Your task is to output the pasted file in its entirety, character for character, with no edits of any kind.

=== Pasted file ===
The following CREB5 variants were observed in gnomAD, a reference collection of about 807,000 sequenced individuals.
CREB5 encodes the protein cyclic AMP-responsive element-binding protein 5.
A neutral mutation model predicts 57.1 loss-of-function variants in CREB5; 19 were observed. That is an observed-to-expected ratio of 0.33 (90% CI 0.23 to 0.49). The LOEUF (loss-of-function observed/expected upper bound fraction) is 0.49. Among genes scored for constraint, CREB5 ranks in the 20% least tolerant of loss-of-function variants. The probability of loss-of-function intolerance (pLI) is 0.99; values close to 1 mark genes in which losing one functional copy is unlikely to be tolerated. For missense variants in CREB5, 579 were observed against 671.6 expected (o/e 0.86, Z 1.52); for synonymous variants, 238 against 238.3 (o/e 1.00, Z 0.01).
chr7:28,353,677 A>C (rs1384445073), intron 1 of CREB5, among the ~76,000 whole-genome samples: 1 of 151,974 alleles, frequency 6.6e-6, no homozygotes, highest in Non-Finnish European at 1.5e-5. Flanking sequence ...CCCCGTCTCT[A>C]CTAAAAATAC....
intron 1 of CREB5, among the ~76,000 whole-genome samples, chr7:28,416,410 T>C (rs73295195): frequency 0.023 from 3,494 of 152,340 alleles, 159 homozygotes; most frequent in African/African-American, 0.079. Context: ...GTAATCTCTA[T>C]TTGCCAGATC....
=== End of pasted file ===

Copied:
The following CREB5 variants were observed in gnomAD, a reference collection of about 807,000 sequenced individuals.
CREB5 encodes the protein cyclic AMP-responsive element-binding protein 5.
A neutral mutation model predicts 57.1 loss-of-function variants in CREB5; 19 were observed. That is an observed-to-expected ratio of 0.33 (90% CI 0.23 to 0.49). The LOEUF (loss-of-function observed/expected upper bound fraction) is 0.49. Among genes scored for constraint, CREB5 ranks in the 20% least tolerant of loss-of-function variants. The probability of loss-of-function intolerance (pLI) is 0.99; values close to 1 mark genes in which losing one functional copy is unlikely to be tolerated. For missense variants in CREB5, 579 were observed against 671.6 expected (o/e 0.86, Z 1.52); for synonymous variants, 238 against 238.3 (o/e 1.00, Z 0.01).
chr7:28,353,677 A>C (rs1384445073), intron 1 of CREB5, among the ~76,000 whole-genome samples: 1 of 151,974 alleles, frequency 6.6e-6, no homozygotes, highest in Non-Finnish European at 1.5e-5. Flanking sequence ...CCCCGTCTCT[A>C]CTAAAAATAC....
intron 1 of CREB5, among the ~76,000 whole-genome samples, chr7:28,416,410 T>C (rs73295195): frequency 0.023 from 3,494 of 152,340 alleles, 159 homozygotes; most frequent in African/African-American, 0.079. Context: ...GTAATCTCTA[T>C]TTGCCAGATC....